Examining the manner in which this defense was presented to the jury further convinces us that Goddard suffered no harm. The trial judge instructed the jury on numerous occasions that the state was required to prove beyond a reasonable doubt all the elements of first degree murder including the intent to kill. There can be no doubt that reasonable jurors would have understood from the instructions as a whole that if the state failed to prove the requisite intent, they necessarily had to acquit the defendant of first degree murder. See Sandstrom v. Montana, 442 U.S. 510, 514-19, 99 S.Ct. 2450, 61 L.Ed.2d 39 (1979); Cupp v. Naughten, 414 U.S. 141, 146-47, 94 S.Ct. 396, 400, 38 L.Ed.2d 368 (1973).


An analysis of the evidentiary bases of the prosecution's case and of the defense demonstrates the practical application of the charge. It must be remembered that a jury may be required to determine the existence of an element of the crime that is, an "ultimate" or "elemental" fact from the proof of one or more "evidentiary" or "basic" facts. County Court of Ulster County v. Allen, 442 U.S. 140, 156, 99 S.Ct. 2213, 60 L.Ed.2d 777 (1979). In this case the evidentiary facts leading to the ultimate fact of intent to kill differ from the evidentiary facts that Goddard sought to use in establishing his defense. The jury could infer criminal intent from the actions of the defendant in planning the murder, tying up the victim, and deliberately strangling her. None of these actions would likely have been the product of recklessness, inadvertence, or mistake. Thus, the prosecution had produced all the evidence necessary from which the jury could find the presence of an intent to kill, and at that point the state's case was complete. It did not rely upon a presumption that the defendant was called upon to rebut.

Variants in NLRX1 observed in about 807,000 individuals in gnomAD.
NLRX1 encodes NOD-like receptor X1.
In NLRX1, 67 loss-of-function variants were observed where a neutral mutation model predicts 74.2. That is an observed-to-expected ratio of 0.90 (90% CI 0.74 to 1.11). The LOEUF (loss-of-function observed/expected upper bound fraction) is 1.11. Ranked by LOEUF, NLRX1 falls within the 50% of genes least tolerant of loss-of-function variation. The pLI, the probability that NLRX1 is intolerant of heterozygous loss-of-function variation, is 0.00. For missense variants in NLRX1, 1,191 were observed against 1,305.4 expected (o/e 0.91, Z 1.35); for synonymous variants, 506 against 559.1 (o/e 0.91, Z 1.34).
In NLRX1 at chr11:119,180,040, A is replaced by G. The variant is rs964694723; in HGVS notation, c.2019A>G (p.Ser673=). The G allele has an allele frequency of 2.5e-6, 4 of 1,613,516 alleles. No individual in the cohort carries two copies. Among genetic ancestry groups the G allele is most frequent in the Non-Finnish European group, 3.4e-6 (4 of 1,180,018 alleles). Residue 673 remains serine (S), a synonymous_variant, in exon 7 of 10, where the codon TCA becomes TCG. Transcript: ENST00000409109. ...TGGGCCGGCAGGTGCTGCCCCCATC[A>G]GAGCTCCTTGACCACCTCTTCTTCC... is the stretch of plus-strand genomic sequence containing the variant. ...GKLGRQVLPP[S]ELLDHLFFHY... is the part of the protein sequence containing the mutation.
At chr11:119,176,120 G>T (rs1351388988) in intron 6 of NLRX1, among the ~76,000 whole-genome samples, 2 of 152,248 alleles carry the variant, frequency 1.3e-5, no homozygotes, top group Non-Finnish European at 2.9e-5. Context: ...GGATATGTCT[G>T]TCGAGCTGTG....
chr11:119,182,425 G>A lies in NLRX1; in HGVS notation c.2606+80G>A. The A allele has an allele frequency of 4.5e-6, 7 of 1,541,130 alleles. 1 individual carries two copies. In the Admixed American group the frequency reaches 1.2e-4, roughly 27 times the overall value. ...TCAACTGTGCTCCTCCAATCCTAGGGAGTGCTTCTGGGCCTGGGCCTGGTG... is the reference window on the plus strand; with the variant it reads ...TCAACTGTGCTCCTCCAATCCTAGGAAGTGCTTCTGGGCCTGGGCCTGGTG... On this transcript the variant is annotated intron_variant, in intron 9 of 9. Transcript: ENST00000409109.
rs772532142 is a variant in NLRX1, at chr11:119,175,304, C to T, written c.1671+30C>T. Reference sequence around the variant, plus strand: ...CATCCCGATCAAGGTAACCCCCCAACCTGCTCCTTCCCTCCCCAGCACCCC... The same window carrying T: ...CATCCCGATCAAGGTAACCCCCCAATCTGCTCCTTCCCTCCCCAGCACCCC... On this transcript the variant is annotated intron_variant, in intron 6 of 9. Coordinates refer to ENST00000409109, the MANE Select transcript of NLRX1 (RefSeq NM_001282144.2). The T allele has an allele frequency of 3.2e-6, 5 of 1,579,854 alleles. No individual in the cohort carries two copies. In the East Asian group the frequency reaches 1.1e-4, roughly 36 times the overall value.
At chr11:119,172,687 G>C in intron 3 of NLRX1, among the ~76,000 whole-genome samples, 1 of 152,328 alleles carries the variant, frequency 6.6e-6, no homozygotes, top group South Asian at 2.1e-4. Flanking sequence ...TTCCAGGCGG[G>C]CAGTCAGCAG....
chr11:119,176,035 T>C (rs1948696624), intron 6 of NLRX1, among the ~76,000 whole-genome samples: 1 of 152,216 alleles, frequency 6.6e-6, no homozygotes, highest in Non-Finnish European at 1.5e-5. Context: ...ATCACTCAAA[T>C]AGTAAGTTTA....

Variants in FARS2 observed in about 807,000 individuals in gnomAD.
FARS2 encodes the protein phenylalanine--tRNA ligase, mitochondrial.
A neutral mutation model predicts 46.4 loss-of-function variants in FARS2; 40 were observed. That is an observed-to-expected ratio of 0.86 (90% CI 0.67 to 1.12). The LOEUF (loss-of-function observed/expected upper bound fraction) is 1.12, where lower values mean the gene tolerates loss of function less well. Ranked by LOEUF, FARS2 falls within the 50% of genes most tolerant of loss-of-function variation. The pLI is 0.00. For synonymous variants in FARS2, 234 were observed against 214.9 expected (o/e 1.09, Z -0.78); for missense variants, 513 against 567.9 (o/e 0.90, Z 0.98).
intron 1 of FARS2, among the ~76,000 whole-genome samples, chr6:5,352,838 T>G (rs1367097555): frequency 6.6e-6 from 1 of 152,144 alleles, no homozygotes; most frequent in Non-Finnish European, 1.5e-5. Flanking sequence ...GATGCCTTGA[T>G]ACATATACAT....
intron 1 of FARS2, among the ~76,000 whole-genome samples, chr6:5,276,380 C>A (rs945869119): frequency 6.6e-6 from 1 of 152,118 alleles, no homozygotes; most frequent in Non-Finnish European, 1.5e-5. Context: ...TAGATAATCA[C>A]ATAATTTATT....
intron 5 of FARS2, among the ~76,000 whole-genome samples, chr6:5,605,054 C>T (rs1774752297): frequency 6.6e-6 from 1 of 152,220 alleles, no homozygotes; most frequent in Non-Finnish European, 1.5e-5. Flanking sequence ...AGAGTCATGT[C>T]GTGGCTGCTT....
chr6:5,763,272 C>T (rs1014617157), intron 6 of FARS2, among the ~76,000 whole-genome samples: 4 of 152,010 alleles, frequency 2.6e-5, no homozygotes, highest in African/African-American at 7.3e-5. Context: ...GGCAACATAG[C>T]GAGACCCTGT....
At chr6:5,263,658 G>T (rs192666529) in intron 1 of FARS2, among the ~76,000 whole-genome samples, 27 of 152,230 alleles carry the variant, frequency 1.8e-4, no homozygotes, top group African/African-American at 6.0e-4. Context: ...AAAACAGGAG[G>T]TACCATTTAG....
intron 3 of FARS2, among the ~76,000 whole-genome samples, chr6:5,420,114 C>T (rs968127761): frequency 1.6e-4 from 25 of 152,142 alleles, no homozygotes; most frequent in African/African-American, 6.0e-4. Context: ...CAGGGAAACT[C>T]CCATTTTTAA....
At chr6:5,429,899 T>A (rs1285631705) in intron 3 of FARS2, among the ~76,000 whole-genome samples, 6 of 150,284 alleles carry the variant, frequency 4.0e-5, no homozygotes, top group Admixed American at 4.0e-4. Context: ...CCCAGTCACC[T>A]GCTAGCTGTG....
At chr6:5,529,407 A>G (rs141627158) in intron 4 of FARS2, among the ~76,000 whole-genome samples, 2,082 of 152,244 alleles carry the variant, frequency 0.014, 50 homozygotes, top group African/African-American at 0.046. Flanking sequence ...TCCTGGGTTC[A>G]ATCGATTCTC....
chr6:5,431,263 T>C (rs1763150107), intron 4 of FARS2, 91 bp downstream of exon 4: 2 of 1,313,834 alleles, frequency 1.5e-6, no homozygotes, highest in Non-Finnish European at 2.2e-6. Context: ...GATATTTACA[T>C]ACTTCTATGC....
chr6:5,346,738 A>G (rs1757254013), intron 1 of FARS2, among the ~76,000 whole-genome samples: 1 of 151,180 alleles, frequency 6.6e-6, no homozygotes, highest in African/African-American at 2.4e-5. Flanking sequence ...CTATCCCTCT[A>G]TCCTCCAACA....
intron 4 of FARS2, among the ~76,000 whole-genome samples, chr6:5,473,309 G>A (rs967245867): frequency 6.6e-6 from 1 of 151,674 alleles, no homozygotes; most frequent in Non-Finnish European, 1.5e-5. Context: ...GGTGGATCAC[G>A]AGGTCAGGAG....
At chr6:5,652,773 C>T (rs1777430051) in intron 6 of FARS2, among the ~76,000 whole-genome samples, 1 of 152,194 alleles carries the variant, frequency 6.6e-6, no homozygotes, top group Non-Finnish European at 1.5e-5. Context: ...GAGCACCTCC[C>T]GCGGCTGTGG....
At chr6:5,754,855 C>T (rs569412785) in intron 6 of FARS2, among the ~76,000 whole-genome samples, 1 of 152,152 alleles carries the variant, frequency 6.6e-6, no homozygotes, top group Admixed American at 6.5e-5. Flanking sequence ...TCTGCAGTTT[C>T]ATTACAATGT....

The petitioner's testimony on intoxication did not challenge the evidentiary facts of the prosecution's case. Thus, the burden to convince the jury of the basic facts relied on to establish the ultimate fact of intent to kill never was taken from the state, and, reading the charge as a whole, there is no possibility that the jury perceived the burden to be otherwise. In this sense, the evil that the Patterson Court found inherent in Mullaney requiring the defendant to negative the prosecution's case is not present. Only after determining that the prosecution had established its case on first degree murder did the jury have occasion to consider whether the intoxication had been established. This affirmative defense therefore did not lessen the state's burden but added a separate element to the trial so that the defendant would have an opportunity for mitigation.


The statutory scheme and the instructions given to the jury did not unconstitutionally shift any part of the state's burden to the petitioner, and, accordingly, the district court properly denied the petition for a writ of habeas corpus, albeit on a different ground. The order will be affirmed.


The petitioner was originally sentenced to death for the crime of first degree murder but was resentenced to life in prison without parole when the Supreme Court of Delaware held the death sentence unconstitutional. State v. Spence, 367 A.2d 983 (Del.1976)


The instruction on intoxication reads as follows: